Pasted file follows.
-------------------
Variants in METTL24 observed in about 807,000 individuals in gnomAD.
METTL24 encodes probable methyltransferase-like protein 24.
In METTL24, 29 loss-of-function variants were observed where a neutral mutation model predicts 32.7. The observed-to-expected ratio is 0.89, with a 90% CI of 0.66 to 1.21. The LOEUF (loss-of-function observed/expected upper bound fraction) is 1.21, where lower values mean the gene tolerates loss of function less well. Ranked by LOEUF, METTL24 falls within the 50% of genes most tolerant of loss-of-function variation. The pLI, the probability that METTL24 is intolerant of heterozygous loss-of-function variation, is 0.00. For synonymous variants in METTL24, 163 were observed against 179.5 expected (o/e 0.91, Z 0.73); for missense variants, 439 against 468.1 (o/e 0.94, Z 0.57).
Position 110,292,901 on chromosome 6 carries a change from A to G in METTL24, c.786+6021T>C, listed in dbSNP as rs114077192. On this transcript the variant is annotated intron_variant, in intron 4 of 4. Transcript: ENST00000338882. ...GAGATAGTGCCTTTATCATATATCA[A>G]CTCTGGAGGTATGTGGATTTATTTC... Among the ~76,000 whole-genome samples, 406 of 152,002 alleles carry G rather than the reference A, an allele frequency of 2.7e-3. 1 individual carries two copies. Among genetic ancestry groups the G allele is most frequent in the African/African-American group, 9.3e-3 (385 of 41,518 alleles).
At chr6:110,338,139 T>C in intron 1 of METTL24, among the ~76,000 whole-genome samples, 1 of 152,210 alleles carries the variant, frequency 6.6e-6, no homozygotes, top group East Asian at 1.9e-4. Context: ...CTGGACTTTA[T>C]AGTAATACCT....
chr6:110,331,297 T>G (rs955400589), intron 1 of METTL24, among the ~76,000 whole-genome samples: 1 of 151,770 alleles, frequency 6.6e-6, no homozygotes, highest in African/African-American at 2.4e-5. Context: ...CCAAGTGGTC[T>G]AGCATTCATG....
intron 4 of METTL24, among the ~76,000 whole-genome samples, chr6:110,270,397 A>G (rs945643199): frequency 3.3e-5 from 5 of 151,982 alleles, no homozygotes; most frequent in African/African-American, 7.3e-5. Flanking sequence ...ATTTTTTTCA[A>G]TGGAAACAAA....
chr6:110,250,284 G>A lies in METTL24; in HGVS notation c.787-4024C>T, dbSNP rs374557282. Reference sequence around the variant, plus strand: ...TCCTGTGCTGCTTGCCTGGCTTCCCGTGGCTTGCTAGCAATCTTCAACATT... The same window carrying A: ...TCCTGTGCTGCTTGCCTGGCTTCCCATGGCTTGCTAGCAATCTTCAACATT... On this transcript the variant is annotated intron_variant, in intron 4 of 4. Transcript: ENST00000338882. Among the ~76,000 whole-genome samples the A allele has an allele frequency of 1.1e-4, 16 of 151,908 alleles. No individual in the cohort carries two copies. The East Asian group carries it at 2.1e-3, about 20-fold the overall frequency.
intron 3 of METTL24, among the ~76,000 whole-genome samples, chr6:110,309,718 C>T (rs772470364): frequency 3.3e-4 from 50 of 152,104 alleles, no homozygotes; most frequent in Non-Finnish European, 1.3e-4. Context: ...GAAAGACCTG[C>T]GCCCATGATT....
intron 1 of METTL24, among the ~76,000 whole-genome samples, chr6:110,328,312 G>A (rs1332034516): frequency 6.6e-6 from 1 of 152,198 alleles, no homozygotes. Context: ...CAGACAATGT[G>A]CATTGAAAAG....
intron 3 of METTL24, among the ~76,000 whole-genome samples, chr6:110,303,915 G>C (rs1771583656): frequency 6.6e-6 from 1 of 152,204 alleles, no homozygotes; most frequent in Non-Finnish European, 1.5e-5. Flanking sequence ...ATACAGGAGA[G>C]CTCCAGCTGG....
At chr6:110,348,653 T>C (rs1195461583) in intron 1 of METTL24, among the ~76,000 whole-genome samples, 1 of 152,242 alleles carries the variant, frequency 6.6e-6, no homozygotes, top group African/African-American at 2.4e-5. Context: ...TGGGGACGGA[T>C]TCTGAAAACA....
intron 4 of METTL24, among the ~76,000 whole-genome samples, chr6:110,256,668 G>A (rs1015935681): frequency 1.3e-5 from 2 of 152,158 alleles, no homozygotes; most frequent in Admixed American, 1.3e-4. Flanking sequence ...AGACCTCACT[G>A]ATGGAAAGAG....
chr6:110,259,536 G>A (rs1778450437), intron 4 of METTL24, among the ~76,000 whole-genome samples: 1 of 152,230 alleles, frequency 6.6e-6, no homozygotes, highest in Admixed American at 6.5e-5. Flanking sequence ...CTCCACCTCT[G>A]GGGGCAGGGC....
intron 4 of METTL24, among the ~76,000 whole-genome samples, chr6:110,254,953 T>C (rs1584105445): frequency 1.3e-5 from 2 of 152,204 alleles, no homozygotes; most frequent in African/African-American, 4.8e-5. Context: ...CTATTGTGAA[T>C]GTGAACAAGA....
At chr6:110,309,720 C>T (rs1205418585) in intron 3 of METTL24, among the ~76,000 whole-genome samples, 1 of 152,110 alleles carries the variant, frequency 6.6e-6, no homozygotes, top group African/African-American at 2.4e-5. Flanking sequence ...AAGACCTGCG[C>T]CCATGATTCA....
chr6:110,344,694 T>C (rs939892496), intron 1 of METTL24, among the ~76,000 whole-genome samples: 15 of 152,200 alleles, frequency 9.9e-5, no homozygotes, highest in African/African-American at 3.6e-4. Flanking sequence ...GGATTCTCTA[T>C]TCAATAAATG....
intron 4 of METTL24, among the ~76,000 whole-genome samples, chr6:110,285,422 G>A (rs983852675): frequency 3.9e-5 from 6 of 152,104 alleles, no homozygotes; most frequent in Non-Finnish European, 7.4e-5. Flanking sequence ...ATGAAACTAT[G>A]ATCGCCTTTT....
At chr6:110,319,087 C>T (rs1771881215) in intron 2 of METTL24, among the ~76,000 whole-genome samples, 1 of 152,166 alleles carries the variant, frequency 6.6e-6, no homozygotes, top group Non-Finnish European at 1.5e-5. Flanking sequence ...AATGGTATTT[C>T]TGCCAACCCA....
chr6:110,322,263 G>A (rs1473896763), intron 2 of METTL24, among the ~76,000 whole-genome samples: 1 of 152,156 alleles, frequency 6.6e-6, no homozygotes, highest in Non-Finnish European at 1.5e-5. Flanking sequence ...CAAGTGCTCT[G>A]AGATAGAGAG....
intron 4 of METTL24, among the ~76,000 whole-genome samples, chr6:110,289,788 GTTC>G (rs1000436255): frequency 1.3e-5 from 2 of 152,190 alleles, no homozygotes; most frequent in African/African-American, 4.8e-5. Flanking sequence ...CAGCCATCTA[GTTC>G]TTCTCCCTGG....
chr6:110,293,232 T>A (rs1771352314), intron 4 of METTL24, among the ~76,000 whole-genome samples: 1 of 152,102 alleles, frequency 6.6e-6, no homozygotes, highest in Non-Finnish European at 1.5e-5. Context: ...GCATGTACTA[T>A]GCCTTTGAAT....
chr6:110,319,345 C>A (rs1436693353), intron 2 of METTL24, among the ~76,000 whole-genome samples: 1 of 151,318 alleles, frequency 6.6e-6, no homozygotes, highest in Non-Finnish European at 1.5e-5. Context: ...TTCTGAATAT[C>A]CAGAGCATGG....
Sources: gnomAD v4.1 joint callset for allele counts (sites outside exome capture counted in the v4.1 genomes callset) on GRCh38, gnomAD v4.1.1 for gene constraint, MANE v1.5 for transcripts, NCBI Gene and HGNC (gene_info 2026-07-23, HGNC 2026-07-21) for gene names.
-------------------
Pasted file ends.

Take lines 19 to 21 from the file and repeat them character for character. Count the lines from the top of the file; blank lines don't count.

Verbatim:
At chr6:110,319,087 C>T (rs1771881215) in intron 2 of METTL24, among the ~76,000 whole-genome samples, 1 of 152,166 alleles carries the variant, frequency 6.6e-6, no homozygotes, top group Non-Finnish European at 1.5e-5. Flanking sequence ...AATGGTATTT[C>T]TGCCAACCCA....
chr6:110,322,263 G>A (rs1473896763), intron 2 of METTL24, among the ~76,000 whole-genome samples: 1 of 152,156 alleles, frequency 6.6e-6, no homozygotes, highest in Non-Finnish European at 1.5e-5. Flanking sequence ...CAAGTGCTCT[G>A]AGATAGAGAG....
intron 4 of METTL24, among the ~76,000 whole-genome samples, chr6:110,289,788 GTTC>G (rs1000436255): frequency 1.3e-5 from 2 of 152,190 alleles, no homozygotes; most frequent in African/African-American, 4.8e-5. Flanking sequence ...CAGCCATCTA[GTTC>G]TTCTCCCTGG....